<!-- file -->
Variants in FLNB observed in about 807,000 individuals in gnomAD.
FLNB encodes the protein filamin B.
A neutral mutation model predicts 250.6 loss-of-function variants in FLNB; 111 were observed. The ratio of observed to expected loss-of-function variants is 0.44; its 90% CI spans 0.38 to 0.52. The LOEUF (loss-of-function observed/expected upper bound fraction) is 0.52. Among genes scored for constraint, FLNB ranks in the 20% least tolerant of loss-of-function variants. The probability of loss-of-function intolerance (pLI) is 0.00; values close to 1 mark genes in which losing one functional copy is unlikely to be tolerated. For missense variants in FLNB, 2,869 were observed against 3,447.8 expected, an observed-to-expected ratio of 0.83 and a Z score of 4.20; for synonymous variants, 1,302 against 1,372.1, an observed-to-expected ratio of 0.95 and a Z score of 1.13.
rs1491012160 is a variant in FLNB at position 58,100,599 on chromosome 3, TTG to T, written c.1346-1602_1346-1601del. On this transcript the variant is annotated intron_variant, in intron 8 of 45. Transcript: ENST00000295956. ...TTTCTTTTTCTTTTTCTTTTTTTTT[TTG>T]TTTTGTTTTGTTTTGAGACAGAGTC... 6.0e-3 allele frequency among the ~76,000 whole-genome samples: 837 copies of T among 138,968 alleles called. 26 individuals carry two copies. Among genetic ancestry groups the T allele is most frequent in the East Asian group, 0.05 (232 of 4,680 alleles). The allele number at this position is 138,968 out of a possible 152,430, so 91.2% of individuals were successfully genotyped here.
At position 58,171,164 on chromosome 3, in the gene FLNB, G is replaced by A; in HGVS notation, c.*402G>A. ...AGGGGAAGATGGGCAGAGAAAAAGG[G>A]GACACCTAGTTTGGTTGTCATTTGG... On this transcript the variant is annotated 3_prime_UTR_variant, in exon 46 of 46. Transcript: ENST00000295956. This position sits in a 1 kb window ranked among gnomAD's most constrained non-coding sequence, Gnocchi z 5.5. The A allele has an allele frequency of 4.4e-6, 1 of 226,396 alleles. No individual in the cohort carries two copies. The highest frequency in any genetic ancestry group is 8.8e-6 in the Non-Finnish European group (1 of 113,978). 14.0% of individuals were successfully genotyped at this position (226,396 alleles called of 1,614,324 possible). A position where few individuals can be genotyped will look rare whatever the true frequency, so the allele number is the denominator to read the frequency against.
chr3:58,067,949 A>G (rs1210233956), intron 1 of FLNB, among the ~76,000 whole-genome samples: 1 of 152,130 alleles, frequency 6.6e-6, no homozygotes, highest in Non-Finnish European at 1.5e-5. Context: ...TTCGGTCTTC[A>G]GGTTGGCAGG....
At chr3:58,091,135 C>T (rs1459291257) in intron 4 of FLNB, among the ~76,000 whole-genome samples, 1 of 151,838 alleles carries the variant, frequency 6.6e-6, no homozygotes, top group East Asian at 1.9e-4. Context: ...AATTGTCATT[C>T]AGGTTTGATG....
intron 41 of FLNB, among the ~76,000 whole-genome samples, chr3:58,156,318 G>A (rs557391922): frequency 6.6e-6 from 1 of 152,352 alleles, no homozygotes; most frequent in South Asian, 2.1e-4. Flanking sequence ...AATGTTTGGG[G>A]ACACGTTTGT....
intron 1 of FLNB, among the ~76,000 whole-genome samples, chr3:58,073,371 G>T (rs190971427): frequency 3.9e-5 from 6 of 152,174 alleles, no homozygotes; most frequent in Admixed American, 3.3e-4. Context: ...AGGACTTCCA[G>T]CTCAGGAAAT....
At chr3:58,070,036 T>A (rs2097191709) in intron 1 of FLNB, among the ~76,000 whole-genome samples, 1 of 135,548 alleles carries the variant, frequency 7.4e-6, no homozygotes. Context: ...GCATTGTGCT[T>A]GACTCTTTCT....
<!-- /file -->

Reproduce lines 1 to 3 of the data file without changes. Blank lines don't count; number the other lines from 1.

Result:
Variants in FLNB observed in about 807,000 individuals in gnomAD.
FLNB encodes the protein filamin B.
A neutral mutation model predicts 250.6 loss-of-function variants in FLNB; 111 were observed. The ratio of observed to expected loss-of-function variants is 0.44; its 90% CI spans 0.38 to 0.52. The LOEUF (loss-of-function observed/expected upper bound fraction) is 0.52. Among genes scored for constraint, FLNB ranks in the 20% least tolerant of loss-of-function variants. The probability of loss-of-function intolerance (pLI) is 0.00; values close to 1 mark genes in which losing one functional copy is unlikely to be tolerated. For missense variants in FLNB, 2,869 were observed against 3,447.8 expected, an observed-to-expected ratio of 0.83 and a Z score of 4.20; for synonymous variants, 1,302 against 1,372.1, an observed-to-expected ratio of 0.95 and a Z score of 1.13.